Aside from observed increases of creatine kinase (CK) elevation — which occurred in 30% of patients — adverse events associated with sonidegib generally mirrored those observed with vismodegib. The majority of these events were grade 1 or grade 2.

The ERIVANCE study did not measure CK elevation. Consequently, the true instance of CK elevation with vismodegib is not known, nor is it clear whether CK elevation is a class effect of these agents or due more to sonidegib, Lewis said.

Survival and resistance

Although both vismodegib and sonidegib are clearly active in locally advanced and metastatic disease, whether they have an impact on survival is unknown, Lewis said.

“We really don’t have a lot of knowledge about the natural history of metastatic basal cell carcinoma,” Lewis said. “We don’t know what median survival is because it has been poorly studied … and it likely will never be known because there are unlikely to be prospective trials done.”

Additional questions remain, Lewis said.

“It will be important to determine the resistance mechanisms, both for primary and acquired resistance,” he said. “Some patients have primary resistance to these agents and it’s not clear why.

“I think it’s analogous to the BRAF inhibitor story in melanoma,” Lewis added. “A number of studies have demonstrated that smoothened variants explain the majority of drug resistance in basal cell carcinoma. … Overcoming this resistance will be very important. That is all work yet to be done, and hopefully those trials can get underway soon.” – by Mark Leiser

References:

Lewis KD. Current management of advanced basal cell carcinoma. Presented at: HemOnc Today Melanoma and Cutaneous Malignancies; April 10-11, 2015; New York.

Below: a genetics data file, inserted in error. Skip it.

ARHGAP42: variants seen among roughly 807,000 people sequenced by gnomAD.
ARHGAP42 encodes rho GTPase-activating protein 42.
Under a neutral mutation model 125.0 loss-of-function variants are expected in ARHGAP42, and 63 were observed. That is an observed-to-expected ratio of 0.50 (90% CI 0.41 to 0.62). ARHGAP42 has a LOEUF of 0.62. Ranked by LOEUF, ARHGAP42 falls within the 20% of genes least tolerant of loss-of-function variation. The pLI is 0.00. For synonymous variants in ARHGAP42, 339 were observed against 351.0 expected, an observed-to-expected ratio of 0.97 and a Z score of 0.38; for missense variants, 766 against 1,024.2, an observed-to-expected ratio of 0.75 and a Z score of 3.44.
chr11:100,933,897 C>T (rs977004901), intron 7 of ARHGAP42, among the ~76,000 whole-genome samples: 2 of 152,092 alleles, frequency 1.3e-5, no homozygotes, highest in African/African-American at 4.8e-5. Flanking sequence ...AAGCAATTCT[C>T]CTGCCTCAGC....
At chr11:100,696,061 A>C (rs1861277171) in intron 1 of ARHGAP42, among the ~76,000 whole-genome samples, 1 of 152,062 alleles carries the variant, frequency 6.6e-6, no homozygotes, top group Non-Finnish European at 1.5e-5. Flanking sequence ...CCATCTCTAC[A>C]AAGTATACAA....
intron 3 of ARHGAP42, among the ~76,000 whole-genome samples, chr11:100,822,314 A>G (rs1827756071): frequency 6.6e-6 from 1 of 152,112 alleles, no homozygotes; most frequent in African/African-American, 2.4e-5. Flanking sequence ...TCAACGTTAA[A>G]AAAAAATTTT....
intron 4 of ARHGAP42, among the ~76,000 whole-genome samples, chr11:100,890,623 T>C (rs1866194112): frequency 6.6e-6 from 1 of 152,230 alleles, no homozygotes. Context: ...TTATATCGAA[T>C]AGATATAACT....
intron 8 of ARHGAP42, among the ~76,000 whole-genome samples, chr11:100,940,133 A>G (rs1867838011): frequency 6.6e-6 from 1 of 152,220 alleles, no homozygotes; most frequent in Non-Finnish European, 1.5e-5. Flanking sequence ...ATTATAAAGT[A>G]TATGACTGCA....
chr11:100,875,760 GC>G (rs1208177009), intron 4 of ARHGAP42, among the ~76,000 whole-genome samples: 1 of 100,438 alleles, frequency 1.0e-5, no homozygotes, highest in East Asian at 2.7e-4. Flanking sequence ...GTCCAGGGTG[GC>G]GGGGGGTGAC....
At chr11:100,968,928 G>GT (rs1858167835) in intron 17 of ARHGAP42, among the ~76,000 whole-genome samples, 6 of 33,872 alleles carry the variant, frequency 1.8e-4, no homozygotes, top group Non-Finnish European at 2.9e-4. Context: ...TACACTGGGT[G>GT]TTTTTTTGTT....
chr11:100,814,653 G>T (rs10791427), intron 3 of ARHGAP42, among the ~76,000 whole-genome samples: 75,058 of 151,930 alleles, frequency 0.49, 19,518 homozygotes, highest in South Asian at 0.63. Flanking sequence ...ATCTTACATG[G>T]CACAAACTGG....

Dummer R, et al. Abstract LBA33. Presented at: European Society for Medical Oncology Congress; Sept. 26-30, 2014; Madrid.

Sekulic A, et al. N Engl J Med. 2012;doi:10.1056/NEJMoa1113713.

Disclosure: Lewis reports consultant fees from Genentech and Roche, as well as contracted research with Novartis.

    Perspective
    Sanjiv S. Agarwala

    Sanjiv S. Agarwala

    Metastatic and advanced basal cell carcinoma is not a common diagnosis. The average oncologist never sees such a patient, and if you have a cutaneous oncology program, you may see one every few months, if that. But when it occurs, it’s a tough problem. These are not resectable patients and — in the past — when we gave chemotherapy to patients with metastatic disease, it was useless.
    We now have an established pathway, the hedgehog pathway, that can be targeted. We have good results with vismodegib, an oral agent that has good science behind it but has some significant toxicities. Sonidegib, which is not yet approved, has shown similar results. It is very gratifying to know there is drug development in a rare disease like this.
    It is important to note there were no randomized trials here. Everything in this setting is phase 2 because there are no other drugs that work. The FDA approved [vismodegib] based on a phase 2 trial, and I think that is exactly what needs to happen. We are going to need to move away from doing randomized studies for everybody for everything and instead look at the science. If the science is good and we have good results, we are going to have to be able to approve drugs based on that.

    • Sanjiv S. Agarwala, MD
    • Program director, HemOnc Today Melanoma and Cutaneous Malignancies HemOnc Today Editorial Board member St. Luke’s Cancer Center Temple University School of Medicine

    Disclosures: Agarwala reports no relevant financial disclosures.